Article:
Touching the Past
While researching my Beers ancestors who had helped establish North Columbus, I found a book about the Bull Family, who had lived near David and Elizabeth Schlegel Beers. The book featured sketches of several circuit riders who had served the congregation of Clinton Chapel, where my ancestors attended. (The book was Early Clintonville and Grove City and the Bull and Smith Families, by Nancy J. Pendleton, 1997.)
One circuit rider, Uriah Heath, reportedly served Clinton Chapel in 1838-39 and again 1848. I knew my ancestors Solomon (David’s son) and Eliza Pennington Beers had joined a Sunday school class there in 1839. The Pendleton book indicated that Uriah Heath knew the Bull family well. Did he know my Beers ancestors, too? The book also reported that Uriah Heath kept a diary—and that this diary was at the Ohio Historical Society Archives!
I set aside an afternoon to visit the OHS Archives, hoping the diary was still available. What would it be like, I wondered, to hold this volume that was 160 years old? Before I knew it, the archivist delivered the old book to me at one of the tables set aside for viewing such works. I put on the gloves I was given and turned the pages carefully, intent on finding a date that brought Uriah Heath into contact with my ancestors. The information I had for Solomon’s wife Eliza Pennington Beers showed that she had died at age 38 in 1848, possibly of cholera. (It was a hard life; three of her five children preceded her in death.)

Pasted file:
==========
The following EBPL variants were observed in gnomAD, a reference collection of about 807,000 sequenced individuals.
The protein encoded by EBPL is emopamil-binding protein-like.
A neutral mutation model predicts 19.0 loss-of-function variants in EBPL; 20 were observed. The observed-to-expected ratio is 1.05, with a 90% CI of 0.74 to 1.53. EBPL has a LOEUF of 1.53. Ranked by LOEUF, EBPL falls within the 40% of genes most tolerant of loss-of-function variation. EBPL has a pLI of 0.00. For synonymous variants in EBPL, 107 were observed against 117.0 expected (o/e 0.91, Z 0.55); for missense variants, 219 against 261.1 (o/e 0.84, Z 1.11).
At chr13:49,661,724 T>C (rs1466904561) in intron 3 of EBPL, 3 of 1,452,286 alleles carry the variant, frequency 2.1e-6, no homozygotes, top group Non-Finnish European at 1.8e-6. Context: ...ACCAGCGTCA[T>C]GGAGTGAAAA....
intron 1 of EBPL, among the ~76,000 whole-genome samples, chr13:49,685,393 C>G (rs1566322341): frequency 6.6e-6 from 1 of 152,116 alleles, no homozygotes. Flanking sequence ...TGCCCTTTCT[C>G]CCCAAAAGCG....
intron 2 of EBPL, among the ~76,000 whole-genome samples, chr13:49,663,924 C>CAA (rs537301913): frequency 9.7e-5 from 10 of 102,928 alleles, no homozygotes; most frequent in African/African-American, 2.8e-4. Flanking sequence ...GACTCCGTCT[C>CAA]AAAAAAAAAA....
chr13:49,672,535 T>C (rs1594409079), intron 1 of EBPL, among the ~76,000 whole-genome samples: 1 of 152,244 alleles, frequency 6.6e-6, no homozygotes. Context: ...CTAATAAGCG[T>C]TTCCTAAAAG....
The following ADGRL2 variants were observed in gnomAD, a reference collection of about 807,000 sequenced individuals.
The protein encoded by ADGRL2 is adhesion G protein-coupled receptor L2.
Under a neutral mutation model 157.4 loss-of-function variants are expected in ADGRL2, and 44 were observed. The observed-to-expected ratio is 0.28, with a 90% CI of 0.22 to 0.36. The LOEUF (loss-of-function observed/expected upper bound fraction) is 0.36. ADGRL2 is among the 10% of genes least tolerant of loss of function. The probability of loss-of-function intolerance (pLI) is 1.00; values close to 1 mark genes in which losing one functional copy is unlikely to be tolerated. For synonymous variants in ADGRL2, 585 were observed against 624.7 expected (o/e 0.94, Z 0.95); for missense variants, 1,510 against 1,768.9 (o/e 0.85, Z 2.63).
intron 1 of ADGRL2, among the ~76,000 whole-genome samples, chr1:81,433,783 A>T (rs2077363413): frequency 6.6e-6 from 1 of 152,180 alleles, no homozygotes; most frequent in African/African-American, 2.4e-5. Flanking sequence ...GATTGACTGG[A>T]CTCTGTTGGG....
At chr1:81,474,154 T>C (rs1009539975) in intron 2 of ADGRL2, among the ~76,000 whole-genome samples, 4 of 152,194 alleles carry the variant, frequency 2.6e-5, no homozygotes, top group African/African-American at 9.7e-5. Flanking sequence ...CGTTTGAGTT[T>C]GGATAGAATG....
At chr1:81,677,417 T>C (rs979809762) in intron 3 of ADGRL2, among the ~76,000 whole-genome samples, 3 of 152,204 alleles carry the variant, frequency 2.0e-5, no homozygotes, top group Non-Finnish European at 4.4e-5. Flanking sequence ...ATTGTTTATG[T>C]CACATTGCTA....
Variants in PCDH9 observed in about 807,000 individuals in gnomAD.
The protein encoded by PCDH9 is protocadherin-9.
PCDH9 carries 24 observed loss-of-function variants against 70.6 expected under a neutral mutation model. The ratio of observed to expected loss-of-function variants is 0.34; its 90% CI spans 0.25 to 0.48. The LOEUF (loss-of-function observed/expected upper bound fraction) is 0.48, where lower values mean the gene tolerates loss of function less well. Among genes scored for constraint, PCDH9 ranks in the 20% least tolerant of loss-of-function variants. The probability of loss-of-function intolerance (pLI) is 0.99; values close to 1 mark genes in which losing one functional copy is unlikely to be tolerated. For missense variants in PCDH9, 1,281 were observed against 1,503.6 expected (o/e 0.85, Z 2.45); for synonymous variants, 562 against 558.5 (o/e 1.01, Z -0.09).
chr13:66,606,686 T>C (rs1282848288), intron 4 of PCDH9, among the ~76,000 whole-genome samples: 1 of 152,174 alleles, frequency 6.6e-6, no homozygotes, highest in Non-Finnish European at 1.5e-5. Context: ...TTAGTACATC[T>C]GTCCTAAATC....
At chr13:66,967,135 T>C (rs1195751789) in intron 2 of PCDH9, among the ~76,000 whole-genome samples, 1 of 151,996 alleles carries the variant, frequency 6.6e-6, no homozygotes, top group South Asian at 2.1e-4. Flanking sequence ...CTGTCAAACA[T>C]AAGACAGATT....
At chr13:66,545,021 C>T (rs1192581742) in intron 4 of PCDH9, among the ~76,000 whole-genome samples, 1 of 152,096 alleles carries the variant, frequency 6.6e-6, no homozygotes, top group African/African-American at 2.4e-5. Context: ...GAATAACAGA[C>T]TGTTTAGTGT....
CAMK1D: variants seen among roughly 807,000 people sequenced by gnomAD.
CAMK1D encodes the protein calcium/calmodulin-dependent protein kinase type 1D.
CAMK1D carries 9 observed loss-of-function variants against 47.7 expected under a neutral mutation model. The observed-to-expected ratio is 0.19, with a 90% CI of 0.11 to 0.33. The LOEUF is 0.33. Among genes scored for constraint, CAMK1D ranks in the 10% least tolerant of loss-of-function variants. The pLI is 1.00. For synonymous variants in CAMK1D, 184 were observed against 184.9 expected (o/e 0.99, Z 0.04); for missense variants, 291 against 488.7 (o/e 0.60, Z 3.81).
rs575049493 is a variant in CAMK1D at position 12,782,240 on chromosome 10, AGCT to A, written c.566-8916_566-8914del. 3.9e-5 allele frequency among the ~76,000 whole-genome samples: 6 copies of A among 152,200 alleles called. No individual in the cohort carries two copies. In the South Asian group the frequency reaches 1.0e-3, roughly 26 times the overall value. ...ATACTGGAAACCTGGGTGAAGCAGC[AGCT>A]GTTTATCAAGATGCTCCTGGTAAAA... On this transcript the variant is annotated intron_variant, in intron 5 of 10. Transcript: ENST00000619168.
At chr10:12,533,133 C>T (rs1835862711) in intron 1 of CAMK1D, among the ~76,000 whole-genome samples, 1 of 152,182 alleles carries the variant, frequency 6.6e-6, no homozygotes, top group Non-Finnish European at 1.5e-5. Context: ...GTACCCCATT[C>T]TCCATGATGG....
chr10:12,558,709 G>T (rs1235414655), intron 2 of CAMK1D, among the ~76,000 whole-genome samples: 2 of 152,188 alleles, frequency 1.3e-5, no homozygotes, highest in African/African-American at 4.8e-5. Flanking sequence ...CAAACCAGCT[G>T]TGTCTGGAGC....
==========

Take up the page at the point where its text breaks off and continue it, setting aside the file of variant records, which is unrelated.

I scanned the pages for July 1848, the month that Eliza had died—and was rewarded with Uriah Heath’s handwritten account of his visit to the Beers family the day after Eliza had died:
“July 21 1848 . . . Mrs. Beers was lying dead, having departed at ten o’clock last night. The family feel desolate and much afflicted. May the dispensation of the Providence of God be sanctified to the good of the survivors.”
I was mesmerized by this journal entry by a caring person who had seen and talked with the family of Solomon and Eliza Beers. I spent two hours with that diary and deeply appreciate the chance to “touch” my ancestors’ lives through the words of the pastor who visited them at a crucial time. Thank you, OHS Archives!
Marty Davis Cottrill